Talking and Thinking Floorbooks are very large books starting out with very large pieces of blank paper; they sit on the floor with teachers and children gathered around. Each child may have a different colored marker so that a child’s marks made on the paper can be identified as that child’s marks. Through children drawing pictures and sometimes writing, and with teachers often acting as scribes writing down what the children say, the floorbooks provide documentation of children’s thinking before, during, and after some experience out-of-doors – thinking that develops with the support of teachers’ open-ended questions that validate children’s interests and thoughts and that invite them to say more. These periods of documentation make for a child-centered curriculum, one that feeds off of children’s interests and promotes their thinking to explore, design, and reflect – so that they come to interact with their natural surroundings in more intentional and thoughtful ways. For example, a child or group of children may express interest in birds and then, by using the floorbooks and with help from teachers, record their thoughts about designing a bird “hide” – a construction that they can later build and use to observe birds and record their findings about birds. When using floorbooks to shape the curriculum, the pace is slow – as children stay with one subject sometimes for long periods of time – all of which makes their learning richer and more meaningful than is the case in the faster paced curriculum that so often characterizes curriculum imposed by adults.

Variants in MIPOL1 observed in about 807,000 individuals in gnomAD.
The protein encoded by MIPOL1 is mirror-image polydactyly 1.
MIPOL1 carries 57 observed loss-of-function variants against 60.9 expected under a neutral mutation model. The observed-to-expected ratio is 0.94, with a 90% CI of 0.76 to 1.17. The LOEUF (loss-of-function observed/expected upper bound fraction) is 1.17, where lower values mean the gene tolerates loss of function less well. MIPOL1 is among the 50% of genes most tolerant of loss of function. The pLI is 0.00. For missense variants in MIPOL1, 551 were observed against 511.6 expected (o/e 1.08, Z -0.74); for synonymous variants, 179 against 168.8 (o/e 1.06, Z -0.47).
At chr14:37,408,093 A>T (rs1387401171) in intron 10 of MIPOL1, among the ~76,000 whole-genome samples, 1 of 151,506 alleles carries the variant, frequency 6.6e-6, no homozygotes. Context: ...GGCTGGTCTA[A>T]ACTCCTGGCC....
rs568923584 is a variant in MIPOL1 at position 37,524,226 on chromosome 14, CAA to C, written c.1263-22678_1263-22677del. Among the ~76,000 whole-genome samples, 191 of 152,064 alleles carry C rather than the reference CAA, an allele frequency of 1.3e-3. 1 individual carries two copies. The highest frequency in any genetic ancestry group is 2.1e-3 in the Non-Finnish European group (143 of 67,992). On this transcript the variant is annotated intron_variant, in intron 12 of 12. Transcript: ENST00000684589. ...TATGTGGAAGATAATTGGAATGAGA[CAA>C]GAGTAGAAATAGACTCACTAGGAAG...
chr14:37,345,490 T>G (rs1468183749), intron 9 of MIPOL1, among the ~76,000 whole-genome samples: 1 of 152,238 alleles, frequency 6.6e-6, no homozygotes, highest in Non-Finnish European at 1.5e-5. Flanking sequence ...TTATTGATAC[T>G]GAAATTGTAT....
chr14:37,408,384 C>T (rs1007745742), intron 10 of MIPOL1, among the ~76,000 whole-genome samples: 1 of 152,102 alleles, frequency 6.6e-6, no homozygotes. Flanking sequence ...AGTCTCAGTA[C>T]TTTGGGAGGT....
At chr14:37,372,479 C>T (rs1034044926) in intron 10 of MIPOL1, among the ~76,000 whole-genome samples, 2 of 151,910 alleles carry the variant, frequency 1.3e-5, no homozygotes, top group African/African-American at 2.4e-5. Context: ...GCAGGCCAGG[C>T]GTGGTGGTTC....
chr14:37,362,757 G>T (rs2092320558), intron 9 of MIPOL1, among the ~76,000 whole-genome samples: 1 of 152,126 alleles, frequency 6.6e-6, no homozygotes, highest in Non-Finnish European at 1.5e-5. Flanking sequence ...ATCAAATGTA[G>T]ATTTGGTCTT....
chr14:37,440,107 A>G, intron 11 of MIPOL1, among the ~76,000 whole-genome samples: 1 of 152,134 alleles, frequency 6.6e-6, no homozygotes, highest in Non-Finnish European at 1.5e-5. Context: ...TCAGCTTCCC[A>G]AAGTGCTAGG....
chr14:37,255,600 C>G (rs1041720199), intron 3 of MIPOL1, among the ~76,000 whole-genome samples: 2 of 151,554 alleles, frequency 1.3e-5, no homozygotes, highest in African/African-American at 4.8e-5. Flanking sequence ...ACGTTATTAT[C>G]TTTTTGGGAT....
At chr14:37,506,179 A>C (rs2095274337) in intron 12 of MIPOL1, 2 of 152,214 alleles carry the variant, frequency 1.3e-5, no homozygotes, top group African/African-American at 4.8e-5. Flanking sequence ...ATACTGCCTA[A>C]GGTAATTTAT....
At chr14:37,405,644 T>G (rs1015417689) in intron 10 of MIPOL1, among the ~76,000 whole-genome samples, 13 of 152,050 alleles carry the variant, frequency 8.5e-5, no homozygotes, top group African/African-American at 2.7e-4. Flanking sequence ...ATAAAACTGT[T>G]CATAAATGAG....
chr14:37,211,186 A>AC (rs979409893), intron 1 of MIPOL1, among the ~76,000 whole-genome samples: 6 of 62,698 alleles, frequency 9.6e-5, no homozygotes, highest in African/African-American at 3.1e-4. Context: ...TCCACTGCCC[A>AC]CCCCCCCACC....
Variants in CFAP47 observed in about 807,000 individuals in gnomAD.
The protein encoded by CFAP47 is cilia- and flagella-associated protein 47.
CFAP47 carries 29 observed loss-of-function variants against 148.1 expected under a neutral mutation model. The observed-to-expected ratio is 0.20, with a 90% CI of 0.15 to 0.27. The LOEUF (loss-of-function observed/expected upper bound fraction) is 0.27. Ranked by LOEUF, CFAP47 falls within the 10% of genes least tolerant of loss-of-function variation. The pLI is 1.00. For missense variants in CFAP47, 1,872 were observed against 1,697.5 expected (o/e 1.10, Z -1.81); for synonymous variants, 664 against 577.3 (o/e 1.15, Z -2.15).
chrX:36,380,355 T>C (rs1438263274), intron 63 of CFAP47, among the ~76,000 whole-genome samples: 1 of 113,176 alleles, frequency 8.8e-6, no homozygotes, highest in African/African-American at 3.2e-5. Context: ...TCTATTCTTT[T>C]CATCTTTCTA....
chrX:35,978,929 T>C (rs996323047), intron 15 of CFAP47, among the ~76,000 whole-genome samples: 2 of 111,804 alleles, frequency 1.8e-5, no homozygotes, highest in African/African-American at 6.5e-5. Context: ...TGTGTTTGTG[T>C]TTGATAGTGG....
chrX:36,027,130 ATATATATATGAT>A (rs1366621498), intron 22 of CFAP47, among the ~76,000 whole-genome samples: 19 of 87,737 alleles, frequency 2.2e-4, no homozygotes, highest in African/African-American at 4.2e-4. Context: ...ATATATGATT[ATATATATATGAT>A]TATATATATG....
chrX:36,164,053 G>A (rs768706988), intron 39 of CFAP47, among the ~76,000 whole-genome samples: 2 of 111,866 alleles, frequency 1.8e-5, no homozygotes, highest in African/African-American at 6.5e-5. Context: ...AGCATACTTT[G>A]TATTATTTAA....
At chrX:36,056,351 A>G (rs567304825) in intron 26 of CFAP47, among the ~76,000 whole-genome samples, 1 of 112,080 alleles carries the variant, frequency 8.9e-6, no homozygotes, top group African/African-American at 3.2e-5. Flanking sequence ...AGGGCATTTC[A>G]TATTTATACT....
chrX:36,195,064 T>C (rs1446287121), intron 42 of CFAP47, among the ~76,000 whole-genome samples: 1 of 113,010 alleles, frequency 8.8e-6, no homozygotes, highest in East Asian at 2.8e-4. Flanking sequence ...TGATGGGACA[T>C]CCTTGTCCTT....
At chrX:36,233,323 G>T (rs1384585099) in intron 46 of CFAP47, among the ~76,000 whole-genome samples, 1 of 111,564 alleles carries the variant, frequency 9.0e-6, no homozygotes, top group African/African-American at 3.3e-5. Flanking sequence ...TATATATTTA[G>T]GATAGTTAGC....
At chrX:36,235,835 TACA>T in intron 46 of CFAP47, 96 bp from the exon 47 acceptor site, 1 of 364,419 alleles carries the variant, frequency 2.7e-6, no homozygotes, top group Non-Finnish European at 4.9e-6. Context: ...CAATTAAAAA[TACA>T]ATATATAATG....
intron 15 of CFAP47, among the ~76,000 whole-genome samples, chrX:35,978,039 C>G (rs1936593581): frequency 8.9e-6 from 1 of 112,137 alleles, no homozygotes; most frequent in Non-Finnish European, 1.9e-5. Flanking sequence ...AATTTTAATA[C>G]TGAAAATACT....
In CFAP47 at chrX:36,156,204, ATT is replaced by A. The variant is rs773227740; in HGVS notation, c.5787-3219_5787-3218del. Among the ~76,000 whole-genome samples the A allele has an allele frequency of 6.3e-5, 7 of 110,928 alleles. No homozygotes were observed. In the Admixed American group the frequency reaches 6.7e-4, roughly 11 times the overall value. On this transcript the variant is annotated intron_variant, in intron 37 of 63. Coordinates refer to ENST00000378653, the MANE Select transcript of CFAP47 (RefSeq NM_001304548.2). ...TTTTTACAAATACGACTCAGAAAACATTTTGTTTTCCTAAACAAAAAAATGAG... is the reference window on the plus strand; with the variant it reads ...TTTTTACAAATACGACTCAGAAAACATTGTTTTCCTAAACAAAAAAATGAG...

In nature, there are risks and hazards. At Auchlone, risks and hazards provide opportunity for teachers to help children become adept at benefit-risk analysis and at dealing with hazards. For example, a teacher discussed with some children that a wooden structure they had built had sticks low to the ground that might trip someone. The children immediately walked over to the “tree wrap”—a way for tools to be displayed so every child can see them—and selected the correct saws and protective gloves. The children then walked back to the structure and on their own, carefully trimmed the sticks. Needless to say, their skill at using the saws and the good sense to wear a protective glove had been developed long before, during special times set aside for the children to be taught safety skills when sawing. They had, in other words, been empowered to solve safety problems, if not entirely on their own, then at least with only a little help from adults.